Gregg Moskowitz — Mizuho Securities — Analyst

Okay. Thank you very much for taking my questions. Frank, it’s in that — your — as of February 1st, you implemented changes with respect to verticalizing your sales motion. Can you elaborate on that? It sounds like you’re seeing real progress with respect to verticalization. Just trying to get a sense of how substantial these changes may be as you kind of go after that opportunity?

Frank Slootman — Chairman and Chief Executive Officer

Yes. First of all, this is not a reorientation of our entire selling motion. It’s really the upper stratum in terms of our large account focus. We really replaced the geographical backbone with an industry equivalent of that because we don’t think, for a large account, the geographical breakdown really adds anything. We’ve been talking on this call probably, I think, for the last four quarters about how we are really, in all aspects of our business, bringing a much stronger industry aperture to everything we’re doing [Phonetic].

Sales organization has been working all of last year on making this transition happen. So by the time Feb 1 came around, everybody was fully up to speed, we’re lock and loaded to let that go. But the broader context to industry orientation is that our selling motions and really our whole posture towards the industry is really shifting from a workload-oriented way of thinking to really to what are the use cases that the customer needs to address?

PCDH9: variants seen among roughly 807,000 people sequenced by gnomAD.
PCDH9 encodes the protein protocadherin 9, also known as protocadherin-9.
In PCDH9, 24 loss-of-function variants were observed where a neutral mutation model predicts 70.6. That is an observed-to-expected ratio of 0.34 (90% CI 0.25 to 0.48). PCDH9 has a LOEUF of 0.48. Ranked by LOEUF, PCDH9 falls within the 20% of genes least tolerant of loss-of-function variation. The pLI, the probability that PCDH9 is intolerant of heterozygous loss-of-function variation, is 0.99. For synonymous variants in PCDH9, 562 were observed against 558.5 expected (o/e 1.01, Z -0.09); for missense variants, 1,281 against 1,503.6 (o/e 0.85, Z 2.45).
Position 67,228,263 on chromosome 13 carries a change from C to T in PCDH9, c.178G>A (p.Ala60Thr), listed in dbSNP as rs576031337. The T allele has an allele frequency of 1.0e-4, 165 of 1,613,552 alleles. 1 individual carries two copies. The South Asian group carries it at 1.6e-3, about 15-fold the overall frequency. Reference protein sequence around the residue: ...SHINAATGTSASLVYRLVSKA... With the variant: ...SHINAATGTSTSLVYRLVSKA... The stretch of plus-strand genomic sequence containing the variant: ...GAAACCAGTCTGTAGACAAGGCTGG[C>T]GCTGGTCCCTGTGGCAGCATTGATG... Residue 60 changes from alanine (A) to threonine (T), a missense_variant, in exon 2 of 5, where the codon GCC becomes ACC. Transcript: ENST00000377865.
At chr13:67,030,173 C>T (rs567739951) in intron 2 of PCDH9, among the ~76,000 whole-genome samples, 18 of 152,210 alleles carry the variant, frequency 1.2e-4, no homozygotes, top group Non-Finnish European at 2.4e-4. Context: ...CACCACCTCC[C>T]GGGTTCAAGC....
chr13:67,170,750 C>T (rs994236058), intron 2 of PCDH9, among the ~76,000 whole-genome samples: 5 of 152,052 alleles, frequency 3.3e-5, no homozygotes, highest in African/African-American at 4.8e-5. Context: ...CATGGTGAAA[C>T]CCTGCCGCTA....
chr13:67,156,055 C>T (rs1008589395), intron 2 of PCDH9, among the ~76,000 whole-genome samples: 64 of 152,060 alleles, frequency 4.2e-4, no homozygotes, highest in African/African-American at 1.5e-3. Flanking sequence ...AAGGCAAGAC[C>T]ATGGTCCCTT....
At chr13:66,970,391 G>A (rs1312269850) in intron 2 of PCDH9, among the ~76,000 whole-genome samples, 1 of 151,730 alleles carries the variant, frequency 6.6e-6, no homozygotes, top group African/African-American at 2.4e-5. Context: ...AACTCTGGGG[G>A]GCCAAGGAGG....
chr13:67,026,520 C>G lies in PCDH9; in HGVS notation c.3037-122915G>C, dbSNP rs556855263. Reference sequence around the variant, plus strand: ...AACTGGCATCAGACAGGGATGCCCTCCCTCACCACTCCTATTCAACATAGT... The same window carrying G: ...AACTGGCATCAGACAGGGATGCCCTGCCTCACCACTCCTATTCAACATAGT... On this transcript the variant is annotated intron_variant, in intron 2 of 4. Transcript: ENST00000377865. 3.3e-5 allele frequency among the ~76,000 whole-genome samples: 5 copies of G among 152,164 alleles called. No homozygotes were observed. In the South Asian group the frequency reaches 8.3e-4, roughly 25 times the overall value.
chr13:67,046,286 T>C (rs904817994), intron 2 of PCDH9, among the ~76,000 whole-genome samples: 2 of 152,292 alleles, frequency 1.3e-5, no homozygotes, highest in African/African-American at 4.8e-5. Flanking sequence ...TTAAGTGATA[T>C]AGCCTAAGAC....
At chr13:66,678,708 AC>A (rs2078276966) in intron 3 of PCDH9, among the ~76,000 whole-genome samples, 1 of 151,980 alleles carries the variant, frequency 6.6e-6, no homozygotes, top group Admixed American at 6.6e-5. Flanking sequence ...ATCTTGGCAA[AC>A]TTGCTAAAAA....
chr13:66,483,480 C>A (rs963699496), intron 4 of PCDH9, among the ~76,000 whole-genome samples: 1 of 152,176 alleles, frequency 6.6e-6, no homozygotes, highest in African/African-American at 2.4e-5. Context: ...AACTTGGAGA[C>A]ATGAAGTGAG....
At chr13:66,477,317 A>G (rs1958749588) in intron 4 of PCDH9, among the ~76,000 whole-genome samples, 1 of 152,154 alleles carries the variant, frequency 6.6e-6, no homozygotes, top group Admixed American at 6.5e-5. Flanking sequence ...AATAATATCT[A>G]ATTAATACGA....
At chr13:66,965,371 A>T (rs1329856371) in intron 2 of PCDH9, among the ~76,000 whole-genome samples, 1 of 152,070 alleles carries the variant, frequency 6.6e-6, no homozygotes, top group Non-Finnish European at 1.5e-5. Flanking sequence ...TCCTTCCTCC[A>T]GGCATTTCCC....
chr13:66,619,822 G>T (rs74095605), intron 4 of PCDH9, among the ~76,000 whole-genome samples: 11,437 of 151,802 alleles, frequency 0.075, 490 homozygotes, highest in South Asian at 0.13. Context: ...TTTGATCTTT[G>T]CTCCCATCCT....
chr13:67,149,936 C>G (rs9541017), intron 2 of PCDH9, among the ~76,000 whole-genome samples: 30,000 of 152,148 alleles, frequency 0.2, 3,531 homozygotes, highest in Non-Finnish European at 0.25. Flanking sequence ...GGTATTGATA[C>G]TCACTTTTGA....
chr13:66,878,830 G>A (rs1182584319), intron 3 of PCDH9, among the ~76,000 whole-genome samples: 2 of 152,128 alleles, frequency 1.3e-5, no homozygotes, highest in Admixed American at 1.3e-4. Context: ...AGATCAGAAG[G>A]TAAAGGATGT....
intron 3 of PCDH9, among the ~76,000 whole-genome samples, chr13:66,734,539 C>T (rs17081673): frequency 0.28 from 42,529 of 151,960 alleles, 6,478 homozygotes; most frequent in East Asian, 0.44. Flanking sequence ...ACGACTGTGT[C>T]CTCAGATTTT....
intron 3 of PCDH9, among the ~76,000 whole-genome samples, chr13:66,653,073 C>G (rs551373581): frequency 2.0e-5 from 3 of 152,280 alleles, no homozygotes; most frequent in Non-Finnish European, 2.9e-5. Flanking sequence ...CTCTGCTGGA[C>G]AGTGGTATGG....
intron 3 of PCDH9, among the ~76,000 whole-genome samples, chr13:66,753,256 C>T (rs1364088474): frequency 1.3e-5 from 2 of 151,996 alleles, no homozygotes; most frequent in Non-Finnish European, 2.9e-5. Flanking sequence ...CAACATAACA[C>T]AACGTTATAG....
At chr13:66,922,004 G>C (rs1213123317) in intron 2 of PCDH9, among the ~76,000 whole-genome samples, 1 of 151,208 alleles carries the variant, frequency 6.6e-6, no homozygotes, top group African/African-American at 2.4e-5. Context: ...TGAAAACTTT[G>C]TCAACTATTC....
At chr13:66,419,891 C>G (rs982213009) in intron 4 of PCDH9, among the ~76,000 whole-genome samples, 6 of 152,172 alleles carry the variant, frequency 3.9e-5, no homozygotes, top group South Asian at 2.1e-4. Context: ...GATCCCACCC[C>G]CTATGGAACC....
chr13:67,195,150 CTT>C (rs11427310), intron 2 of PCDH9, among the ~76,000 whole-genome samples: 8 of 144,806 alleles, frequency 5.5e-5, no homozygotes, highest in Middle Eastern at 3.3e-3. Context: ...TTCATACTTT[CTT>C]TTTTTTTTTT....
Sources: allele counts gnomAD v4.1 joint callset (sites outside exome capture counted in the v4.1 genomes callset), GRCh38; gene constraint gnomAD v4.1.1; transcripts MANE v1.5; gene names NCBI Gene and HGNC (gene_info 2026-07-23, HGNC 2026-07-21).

I will tell you that in my almost three years here, initially. I mean, all the conversations were around architecture and moving workloads from on-premise to the cloud and how our database migrations are. And today, nine out of 10 conversations are industry-specific, very, very industry-specific, oftentimes not necessarily with IT types but with business people and data science types, people are really trying to drive predictive insights into the business, things that are becoming possible that never have been done before.

So the company really wants to evolve towards this posture in the marketplace. It doesn’t mean that we’re going to walk away from a workload transition that is bread and butter, we’re going to be doing that for forever literally because we’re still in the very early stages of that transition as well. But we think the industry posture is all about us assuming the customer’s point of view rather than our own, and we think that’s correct way to do things.